On this date in 1923, Warren Harding, an amiable, if corruptible president who sometimes questioned his own abilities to govern, died of a heart attack in San Francisco. Vice President Calvin Coolidge was sworn in during the night by his own father, a notary public. On this same date in 1928, President Coolidge became the first chief executive to visit Minnesota’s Iron Range, the only to do so outside the context of a campaign.
I made a wonderful online find, a Time Magazine account from August 1928 of Coolidge’s visit to the Range as he wrapped up his presidency. I encourage you to read it.
My favorite legend of the Coolidge visit to the Range comes from his Hibbing stop, mentioned briefly in the Time story. In the story he climbs a new viewing stand overlooking the Hull Rust Mine. Local historians have told me that many expected Coolidge to give a speech at the Hull Rust to inaugurate the new viewing stand and commemorate his historic visit. But the understated Coolidge, known to history as “Silent Cal,” merely watched the shovels and trains, turned and said, “That’s a pretty big hole,” got back in his car and left for Virginia, Minn., where he was presented with animal pelts.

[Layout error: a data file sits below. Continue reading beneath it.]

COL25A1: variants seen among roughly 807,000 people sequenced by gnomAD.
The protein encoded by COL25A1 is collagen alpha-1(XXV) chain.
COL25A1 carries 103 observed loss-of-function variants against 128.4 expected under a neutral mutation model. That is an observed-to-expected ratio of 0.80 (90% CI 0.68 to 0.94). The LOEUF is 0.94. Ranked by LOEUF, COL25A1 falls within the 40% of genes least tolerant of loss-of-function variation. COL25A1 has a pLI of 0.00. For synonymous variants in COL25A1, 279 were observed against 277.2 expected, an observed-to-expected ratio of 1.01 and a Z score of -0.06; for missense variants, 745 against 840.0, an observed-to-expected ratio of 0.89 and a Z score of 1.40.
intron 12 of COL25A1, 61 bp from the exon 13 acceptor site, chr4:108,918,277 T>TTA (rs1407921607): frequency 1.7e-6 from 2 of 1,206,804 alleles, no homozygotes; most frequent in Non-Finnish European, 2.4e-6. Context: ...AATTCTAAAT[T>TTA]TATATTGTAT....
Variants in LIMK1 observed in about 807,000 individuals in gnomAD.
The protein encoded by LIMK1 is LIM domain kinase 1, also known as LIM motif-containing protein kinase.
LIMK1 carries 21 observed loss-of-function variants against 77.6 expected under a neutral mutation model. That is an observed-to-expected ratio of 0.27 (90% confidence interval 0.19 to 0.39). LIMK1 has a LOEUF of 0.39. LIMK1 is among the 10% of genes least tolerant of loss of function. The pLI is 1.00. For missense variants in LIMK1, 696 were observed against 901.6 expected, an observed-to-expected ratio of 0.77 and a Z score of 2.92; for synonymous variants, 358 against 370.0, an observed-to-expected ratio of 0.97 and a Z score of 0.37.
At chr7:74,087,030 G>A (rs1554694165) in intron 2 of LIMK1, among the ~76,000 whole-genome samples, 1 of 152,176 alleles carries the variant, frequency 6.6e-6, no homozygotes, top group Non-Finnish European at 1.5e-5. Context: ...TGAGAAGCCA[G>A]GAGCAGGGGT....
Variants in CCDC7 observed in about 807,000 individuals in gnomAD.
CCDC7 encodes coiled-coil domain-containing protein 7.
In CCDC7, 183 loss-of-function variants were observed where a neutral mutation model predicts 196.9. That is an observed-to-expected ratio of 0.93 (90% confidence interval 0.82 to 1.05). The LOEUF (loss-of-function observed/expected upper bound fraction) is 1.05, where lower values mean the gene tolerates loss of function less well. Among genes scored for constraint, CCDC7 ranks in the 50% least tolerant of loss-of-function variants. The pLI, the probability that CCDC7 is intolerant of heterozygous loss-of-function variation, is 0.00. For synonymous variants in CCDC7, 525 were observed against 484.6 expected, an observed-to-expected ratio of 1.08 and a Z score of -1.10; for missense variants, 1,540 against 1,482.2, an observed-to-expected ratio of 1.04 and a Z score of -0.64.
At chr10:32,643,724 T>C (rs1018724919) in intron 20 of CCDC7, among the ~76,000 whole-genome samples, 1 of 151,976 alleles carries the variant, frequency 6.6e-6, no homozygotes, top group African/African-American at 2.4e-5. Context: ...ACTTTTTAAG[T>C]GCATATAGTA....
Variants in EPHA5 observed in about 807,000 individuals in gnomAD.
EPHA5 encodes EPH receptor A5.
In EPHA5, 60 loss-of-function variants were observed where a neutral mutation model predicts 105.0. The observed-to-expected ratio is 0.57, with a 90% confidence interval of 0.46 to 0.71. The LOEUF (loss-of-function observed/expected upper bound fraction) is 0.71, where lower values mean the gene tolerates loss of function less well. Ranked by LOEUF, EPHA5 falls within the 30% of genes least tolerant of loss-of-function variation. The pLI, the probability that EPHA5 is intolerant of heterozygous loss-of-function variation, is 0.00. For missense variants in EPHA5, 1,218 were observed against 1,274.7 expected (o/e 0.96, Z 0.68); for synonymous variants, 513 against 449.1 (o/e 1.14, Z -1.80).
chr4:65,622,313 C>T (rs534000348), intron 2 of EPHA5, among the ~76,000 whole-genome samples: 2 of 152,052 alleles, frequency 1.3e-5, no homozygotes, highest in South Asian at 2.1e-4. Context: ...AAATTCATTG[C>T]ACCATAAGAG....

Mind that the paper company will still be able to use this land on its normal logging schedule, which is how the value of these particular acres have always been calculated.
This is not only bad for the people of Itasca County and the noble intentions of the legacy forest’s many architects, this is the sort of thing that could end up dragging down the whole legacy amendment program. A generation of complacency, inconsistent leadership, and the seeping influence of foul national political brinksmanship has created an environment where powerful monied interests (both corporate and political) are able to run rough shot over whole regions. We will be asked to defend this sort of deal, and there is no liberal or conservative defense for this kind of shenanigan.
To take $44 million and then try to get millions more from a county that provides health, human service and law enforcement protection to a county with one of the state’s higher poverty levels? Who does that? They only do this because they think they can get away with it. And that’s why this must not stand.